On my way to visit 'The Portico', I was pleased to catch a glimpse of the weekly clothes market along the south bank of the Rio Cervol, from the San Nicolau road bridge right down to the start of the promenade. For once I was in town early enough to catch the covered food market open, and was able to take some interior pictures of it. Not long ago this early 20th century building with a simple iron frame high clerestory roof had been given a make-over to enhance the 'food retail experience'. The shop units around the wall and the central island have been modernised, and brown Spanish marble flooring is ubiquitous.
I later learned that the back entrance, with supermarket style glass sliding doors, was new, replacing in part an old goods delivery area. It offers more shop units, but many of them remain unfilled. The building was shut for trade over two years. Some former traders have failed to return, new competitors for available spaces are not forthcoming, as rentals are considered too high. Something imaginative has been done as an interim measure, however. Many of the empty booths have been used as exhibition spaces for local photography, and some is food related. There's one small cafe bar. The place would benefit from a few small cooked food outlets, using only local produce. That'd bring in the self-catering visitors! Owain spoke about the success of this initiative in a popular indoor market he visited in Madrid last year.
After an hour or so chatting with people in 'The Portico', and helping to re-arrange the place for Sunday, I went hunting for a bus time table at the tourist office, having wasted time waiting for a bus on a half hour schedule, when I'd just missed one on my way in. I was pleased to have made myself understood in my experimental Spanish. Then, I walked up to the clothes market and took photos. There must be more than a half mile of stalls in total, along the river bank and promenade, plus on some of the roads crossing the out door sports and leisure area in between. What a lovely setting to do business.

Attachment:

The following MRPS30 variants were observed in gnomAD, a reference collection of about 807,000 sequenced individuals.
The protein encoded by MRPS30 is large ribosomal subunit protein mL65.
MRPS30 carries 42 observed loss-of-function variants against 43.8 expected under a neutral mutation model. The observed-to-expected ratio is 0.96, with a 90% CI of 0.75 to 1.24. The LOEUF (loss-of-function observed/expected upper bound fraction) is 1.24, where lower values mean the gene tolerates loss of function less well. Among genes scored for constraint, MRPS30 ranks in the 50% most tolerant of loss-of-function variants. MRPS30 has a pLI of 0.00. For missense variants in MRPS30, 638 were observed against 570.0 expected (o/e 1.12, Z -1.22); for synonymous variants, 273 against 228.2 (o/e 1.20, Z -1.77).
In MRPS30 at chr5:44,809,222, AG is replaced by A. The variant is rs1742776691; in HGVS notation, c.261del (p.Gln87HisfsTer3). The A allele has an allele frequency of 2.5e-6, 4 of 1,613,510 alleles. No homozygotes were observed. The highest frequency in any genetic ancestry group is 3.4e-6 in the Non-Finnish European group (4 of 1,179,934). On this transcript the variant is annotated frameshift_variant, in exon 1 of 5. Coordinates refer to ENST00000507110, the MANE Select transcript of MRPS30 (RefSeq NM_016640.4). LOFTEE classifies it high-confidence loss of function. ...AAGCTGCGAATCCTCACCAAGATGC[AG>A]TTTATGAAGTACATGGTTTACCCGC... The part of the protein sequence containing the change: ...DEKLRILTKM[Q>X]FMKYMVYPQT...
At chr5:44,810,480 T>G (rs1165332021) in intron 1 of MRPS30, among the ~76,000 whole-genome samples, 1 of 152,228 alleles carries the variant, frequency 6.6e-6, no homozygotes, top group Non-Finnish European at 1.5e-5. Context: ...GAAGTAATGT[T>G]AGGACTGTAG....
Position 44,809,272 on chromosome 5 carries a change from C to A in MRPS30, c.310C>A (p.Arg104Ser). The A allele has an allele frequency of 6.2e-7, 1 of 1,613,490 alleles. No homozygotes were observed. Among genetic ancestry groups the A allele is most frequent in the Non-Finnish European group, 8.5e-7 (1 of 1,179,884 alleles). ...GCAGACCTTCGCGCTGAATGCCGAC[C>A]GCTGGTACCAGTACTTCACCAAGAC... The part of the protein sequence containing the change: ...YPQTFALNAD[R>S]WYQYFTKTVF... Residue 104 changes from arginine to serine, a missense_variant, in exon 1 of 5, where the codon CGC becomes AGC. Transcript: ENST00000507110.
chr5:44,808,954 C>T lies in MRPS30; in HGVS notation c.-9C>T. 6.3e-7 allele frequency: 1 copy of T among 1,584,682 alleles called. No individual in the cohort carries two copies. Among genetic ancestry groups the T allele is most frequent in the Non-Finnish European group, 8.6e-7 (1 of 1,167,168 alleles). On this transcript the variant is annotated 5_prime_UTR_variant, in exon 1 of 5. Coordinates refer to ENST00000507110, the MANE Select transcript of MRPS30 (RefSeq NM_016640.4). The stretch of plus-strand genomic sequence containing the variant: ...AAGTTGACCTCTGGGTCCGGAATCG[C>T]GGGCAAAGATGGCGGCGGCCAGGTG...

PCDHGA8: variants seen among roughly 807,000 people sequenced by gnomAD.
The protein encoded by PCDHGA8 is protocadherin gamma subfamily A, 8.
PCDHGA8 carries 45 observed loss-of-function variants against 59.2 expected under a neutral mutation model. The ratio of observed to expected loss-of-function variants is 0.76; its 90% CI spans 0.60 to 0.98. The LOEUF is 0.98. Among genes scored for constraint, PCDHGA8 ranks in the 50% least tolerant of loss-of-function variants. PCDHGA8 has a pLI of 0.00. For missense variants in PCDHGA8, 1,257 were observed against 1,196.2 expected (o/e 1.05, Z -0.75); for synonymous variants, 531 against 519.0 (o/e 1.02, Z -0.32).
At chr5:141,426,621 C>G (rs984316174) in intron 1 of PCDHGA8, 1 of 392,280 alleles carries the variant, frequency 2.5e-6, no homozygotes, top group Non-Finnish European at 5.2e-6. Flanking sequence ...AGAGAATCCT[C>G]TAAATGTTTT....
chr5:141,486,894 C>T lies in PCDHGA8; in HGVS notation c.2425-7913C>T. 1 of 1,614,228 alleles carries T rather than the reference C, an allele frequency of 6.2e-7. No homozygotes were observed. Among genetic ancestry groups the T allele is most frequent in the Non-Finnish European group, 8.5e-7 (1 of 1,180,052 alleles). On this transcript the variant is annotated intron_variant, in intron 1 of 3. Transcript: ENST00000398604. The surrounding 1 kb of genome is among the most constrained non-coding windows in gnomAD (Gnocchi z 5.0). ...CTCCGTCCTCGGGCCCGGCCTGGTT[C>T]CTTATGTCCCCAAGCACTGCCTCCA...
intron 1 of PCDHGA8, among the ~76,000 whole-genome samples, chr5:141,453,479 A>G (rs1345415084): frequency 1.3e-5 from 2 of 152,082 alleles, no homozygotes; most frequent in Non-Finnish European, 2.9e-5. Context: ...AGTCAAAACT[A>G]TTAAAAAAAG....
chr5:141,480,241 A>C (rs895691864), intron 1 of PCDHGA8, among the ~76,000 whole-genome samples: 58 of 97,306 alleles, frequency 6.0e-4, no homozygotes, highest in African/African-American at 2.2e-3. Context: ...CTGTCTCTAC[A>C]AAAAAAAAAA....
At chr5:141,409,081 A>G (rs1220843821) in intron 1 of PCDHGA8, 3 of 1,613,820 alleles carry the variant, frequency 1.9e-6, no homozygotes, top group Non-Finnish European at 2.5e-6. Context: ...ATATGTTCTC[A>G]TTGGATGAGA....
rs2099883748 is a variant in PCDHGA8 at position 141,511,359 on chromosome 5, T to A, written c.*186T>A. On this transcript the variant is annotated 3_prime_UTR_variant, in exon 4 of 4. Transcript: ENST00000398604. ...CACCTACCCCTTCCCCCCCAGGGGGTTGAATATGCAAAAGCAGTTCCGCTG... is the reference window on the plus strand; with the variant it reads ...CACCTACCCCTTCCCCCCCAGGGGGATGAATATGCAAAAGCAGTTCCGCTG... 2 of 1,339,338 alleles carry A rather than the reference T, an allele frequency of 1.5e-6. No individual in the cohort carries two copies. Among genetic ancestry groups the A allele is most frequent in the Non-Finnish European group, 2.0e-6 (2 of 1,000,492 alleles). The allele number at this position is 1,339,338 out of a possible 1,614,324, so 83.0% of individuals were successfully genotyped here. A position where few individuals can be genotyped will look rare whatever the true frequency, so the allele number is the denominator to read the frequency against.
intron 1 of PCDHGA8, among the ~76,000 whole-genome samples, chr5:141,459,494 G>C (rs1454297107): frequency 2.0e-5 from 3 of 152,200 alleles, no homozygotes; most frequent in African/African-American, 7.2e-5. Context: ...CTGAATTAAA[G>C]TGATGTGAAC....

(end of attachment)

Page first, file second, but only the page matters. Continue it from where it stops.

After siesta time, Les and Brenda collected me to go to Anthea's, where I had my first lesson in playing Bridge. It must be over thirty years since I last played any sort of card game. None of the vocabulary or terminology of the game meant anything to me. It was bewildering at the start, and quite a challenge for memory and concentration. They were so patient with me, and this has left me with some homework to do before next Wednesday's session at 'The Portico', where I'll partner Anthea, whose regular Bridge partner is away at the moment. Half way through the session there was a huge dramatic downpour, with hailstones.
As we left, the fragrance of a cool evening breeze off the mountains was pungent with wild herbs. Mmmmm.